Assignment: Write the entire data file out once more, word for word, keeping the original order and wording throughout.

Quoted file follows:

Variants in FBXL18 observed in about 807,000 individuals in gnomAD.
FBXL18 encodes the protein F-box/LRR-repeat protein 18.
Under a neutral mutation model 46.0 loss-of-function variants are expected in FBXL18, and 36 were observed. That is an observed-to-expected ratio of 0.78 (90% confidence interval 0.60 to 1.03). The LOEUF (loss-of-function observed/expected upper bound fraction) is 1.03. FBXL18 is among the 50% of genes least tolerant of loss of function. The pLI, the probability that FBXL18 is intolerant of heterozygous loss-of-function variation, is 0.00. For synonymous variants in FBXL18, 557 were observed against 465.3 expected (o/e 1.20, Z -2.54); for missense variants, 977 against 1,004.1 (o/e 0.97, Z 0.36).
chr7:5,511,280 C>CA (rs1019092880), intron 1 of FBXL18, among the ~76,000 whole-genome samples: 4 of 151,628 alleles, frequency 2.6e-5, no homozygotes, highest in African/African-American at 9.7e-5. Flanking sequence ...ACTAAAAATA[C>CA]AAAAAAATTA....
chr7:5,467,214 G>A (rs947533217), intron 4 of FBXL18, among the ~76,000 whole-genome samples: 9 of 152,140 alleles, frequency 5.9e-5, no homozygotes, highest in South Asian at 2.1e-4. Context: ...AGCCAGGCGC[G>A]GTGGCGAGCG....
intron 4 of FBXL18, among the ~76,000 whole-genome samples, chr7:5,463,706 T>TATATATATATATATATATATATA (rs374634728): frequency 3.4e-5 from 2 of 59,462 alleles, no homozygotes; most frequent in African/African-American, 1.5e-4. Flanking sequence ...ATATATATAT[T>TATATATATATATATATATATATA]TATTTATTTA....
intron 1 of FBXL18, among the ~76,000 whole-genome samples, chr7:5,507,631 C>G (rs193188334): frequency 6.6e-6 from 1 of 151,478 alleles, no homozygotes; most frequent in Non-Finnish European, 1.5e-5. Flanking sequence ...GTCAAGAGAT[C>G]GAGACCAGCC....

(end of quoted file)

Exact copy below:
Variants in FBXL18 observed in about 807,000 individuals in gnomAD.
FBXL18 encodes the protein F-box/LRR-repeat protein 18.
Under a neutral mutation model 46.0 loss-of-function variants are expected in FBXL18, and 36 were observed. That is an observed-to-expected ratio of 0.78 (90% confidence interval 0.60 to 1.03). The LOEUF (loss-of-function observed/expected upper bound fraction) is 1.03. FBXL18 is among the 50% of genes least tolerant of loss of function. The pLI, the probability that FBXL18 is intolerant of heterozygous loss-of-function variation, is 0.00. For synonymous variants in FBXL18, 557 were observed against 465.3 expected (o/e 1.20, Z -2.54); for missense variants, 977 against 1,004.1 (o/e 0.97, Z 0.36).
chr7:5,511,280 C>CA (rs1019092880), intron 1 of FBXL18, among the ~76,000 whole-genome samples: 4 of 151,628 alleles, frequency 2.6e-5, no homozygotes, highest in African/African-American at 9.7e-5. Flanking sequence ...ACTAAAAATA[C>CA]AAAAAAATTA....
chr7:5,467,214 G>A (rs947533217), intron 4 of FBXL18, among the ~76,000 whole-genome samples: 9 of 152,140 alleles, frequency 5.9e-5, no homozygotes, highest in South Asian at 2.1e-4. Context: ...AGCCAGGCGC[G>A]GTGGCGAGCG....
intron 4 of FBXL18, among the ~76,000 whole-genome samples, chr7:5,463,706 T>TATATATATATATATATATATATA (rs374634728): frequency 3.4e-5 from 2 of 59,462 alleles, no homozygotes; most frequent in African/African-American, 1.5e-4. Flanking sequence ...ATATATATAT[T>TATATATATATATATATATATATA]TATTTATTTA....
intron 1 of FBXL18, among the ~76,000 whole-genome samples, chr7:5,507,631 C>G (rs193188334): frequency 6.6e-6 from 1 of 151,478 alleles, no homozygotes; most frequent in Non-Finnish European, 1.5e-5. Flanking sequence ...GTCAAGAGAT[C>G]GAGACCAGCC....